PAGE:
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Author Topic: Tool suggestions literature GBA pallete swap  (Read 1377 times)

Razieldemon

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Tool suggestions literature GBA pallete swap
« on: September 25, 2018, 05:23:57 pm »
Ive seen a number of successful projects aimed at color adjustments for GBA ports like the Mario games.

Id like to dump a couple years (lol) into doing that for the Mega Man Zero series to give the characters and environments more pop.

There are a few tools out there, one I ran across called CCYH but all the sprites were indescernable. Any recommends?

ShadowOne333

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Re: Tool suggestions literature GBA pallete swap
« Reply #1 on: September 25, 2018, 05:32:06 pm »
Are you doing sprite work or only modifying the palettes?
For changing palettes I recommend APE (Advance Palette Editor).
Though, from experience, I believe APE doesn't handle LZ77 compressed palettes as well as I'd like.

I am not sure how the palettes for the Zero games are stored in the ROM, but give APE a try.
Also, for getting the color palettes I recommend you use mGBA and its palette viewer, that will help out a lot when searching for the palettes in APE and knowing which ones to change.

Razieldemon

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Re: Tool suggestions literature GBA pallete swap
« Reply #2 on: September 25, 2018, 08:45:31 pm »
Thank you I will check those out :) primarily the pallete swap is what I will try first but sprite editing isn't out of the question. Im not a fan of the posture of the Mega Man Zero sprite but that might take a little more time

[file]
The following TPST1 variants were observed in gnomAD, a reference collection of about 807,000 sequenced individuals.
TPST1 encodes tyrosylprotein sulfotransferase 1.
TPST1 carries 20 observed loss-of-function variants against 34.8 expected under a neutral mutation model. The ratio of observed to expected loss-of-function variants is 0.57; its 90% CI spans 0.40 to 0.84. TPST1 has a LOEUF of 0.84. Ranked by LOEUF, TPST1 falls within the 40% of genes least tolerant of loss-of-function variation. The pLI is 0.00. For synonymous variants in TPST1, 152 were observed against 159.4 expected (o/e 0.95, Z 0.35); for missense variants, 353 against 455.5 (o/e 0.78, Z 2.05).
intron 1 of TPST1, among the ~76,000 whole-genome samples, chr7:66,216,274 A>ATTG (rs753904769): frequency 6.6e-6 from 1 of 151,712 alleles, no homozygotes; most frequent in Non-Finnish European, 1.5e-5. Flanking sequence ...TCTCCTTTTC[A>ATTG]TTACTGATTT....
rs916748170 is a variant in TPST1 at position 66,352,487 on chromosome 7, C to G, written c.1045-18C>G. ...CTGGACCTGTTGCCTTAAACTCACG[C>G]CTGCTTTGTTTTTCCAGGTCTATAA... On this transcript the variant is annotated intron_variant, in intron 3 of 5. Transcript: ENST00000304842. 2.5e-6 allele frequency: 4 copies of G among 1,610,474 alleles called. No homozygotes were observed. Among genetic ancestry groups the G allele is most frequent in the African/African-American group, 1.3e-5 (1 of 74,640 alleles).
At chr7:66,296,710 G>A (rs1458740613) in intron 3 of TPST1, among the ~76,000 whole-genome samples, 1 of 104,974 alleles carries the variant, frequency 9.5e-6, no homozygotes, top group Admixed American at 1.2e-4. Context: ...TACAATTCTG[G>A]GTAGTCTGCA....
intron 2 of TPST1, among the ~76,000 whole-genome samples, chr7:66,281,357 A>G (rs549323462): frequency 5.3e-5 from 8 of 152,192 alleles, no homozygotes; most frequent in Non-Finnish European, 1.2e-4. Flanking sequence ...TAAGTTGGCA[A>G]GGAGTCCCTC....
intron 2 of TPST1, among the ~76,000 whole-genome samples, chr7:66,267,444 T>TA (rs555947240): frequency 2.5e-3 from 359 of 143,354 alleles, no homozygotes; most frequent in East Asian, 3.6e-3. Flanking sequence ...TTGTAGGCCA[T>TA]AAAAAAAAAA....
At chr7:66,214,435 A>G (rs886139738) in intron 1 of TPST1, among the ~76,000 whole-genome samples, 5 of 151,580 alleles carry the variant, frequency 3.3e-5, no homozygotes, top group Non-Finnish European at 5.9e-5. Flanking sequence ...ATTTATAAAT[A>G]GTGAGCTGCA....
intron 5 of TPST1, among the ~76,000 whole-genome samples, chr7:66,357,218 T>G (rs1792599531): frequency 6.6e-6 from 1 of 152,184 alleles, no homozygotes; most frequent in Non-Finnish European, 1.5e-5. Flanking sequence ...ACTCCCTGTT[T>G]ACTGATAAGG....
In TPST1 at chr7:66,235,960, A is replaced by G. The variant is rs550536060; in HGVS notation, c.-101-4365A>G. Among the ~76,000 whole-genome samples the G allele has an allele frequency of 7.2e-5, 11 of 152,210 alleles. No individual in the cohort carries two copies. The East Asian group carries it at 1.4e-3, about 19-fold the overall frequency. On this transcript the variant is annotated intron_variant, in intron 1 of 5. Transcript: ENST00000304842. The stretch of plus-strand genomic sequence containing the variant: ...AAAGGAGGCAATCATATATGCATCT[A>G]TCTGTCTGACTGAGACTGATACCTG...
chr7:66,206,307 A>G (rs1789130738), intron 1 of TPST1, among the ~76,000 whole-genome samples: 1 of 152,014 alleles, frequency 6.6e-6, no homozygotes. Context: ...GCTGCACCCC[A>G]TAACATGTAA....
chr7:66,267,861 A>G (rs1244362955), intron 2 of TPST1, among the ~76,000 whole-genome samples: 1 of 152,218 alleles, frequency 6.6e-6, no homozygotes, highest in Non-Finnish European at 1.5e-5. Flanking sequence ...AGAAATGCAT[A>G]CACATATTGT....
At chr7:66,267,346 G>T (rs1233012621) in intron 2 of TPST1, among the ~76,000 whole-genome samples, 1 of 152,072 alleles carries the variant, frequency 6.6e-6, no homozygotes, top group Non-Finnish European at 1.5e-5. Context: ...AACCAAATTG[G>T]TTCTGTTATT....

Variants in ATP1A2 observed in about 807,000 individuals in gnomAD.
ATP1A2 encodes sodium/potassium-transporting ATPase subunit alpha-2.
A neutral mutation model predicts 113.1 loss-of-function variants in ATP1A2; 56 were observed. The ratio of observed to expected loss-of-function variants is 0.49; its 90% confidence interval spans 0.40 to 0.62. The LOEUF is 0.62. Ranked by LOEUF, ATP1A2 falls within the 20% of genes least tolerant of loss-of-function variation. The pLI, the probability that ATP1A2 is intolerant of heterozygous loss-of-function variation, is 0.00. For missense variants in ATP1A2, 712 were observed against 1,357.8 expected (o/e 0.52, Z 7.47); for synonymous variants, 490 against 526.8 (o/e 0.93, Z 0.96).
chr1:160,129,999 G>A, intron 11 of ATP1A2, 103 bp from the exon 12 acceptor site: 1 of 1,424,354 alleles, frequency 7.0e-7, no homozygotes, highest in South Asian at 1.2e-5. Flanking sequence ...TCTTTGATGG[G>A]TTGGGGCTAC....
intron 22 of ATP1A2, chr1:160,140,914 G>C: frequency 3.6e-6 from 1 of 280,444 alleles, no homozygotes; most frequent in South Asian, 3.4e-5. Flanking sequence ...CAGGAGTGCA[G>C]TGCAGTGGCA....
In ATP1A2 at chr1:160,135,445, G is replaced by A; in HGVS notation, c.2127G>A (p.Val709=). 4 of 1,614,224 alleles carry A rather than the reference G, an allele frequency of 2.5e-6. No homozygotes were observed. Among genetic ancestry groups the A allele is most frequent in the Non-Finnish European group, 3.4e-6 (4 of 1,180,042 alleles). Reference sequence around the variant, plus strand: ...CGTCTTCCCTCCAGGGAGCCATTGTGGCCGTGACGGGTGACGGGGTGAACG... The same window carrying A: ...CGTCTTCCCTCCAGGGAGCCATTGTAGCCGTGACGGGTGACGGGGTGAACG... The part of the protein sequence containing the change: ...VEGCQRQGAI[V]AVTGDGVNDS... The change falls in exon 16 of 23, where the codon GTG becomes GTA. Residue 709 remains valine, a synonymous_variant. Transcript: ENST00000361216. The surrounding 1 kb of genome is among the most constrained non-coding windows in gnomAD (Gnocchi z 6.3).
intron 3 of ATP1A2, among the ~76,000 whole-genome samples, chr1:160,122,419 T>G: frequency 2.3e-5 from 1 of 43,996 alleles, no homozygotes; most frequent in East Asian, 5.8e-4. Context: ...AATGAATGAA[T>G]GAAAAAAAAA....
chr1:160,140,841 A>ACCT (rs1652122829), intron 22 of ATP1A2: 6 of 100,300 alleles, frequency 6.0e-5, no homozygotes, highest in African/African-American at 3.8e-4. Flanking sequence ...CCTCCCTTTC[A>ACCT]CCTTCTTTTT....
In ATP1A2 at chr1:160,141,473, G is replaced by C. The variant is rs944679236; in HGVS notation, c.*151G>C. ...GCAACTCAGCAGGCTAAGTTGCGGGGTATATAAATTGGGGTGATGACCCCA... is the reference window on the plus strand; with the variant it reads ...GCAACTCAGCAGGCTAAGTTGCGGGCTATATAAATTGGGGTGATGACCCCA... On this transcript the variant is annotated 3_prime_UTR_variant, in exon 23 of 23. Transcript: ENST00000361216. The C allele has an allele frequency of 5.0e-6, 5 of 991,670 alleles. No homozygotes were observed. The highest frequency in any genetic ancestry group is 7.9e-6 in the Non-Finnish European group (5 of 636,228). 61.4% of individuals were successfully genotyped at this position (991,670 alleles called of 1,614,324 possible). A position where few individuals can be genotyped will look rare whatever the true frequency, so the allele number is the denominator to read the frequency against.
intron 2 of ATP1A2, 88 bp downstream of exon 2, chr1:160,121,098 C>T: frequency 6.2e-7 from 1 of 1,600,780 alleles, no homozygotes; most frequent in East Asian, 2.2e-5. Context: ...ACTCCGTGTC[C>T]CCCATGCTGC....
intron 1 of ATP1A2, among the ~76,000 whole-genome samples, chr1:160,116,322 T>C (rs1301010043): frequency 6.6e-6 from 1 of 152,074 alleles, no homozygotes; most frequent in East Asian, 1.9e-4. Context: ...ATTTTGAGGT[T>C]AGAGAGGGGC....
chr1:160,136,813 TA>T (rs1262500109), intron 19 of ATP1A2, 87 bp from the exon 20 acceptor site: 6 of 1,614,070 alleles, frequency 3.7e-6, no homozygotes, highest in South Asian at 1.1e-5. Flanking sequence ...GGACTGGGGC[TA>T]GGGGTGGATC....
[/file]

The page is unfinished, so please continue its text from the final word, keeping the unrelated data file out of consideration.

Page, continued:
FAST6191

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Re: Tool suggestions literature GBA pallete swap
« Reply #3 on: September 25, 2018, 09:08:12 pm »
There are two main types of palette swap for the GBA

1) Old SNES games that got ported for first gen GBAs.

2) Everything else, including GBA player custom stuff.

The GBA for many devs was something of a mini SNES. This extended as far as having the same palette format for several of the modes. However for reasons known only to Nintendo the first revision of the GBA had no lit screen and needed to be placed under blinding light to view it well. This meant many games, and at this point many ports, pumped the brightness of their palettes up a bit to help in this. Not great for emulator users, or the eventual later models with frontlit, backlit and straight TV out, indeed not great for people with reasonable lighting setups.
Simple solution then was fish the palette from the SNES ROM and then put it in the GBA ROM.

Everything else then. For some it will be similar -- find palette in game, extract into editor of your choice, put back into game (often with the button right next to the extraction one). It should also be noted you don't have to just edit palettes and can instead edit sprites to effect colour chances.

Palette finding.
The basic method I usually start with is savestate analysis. As the palette is a custom affair then it necessarily has to be in memory, uncompressed and everything. Tile editors know this (I like tileed 2002 and can pull from it which can be enough for many sprite editing purposes.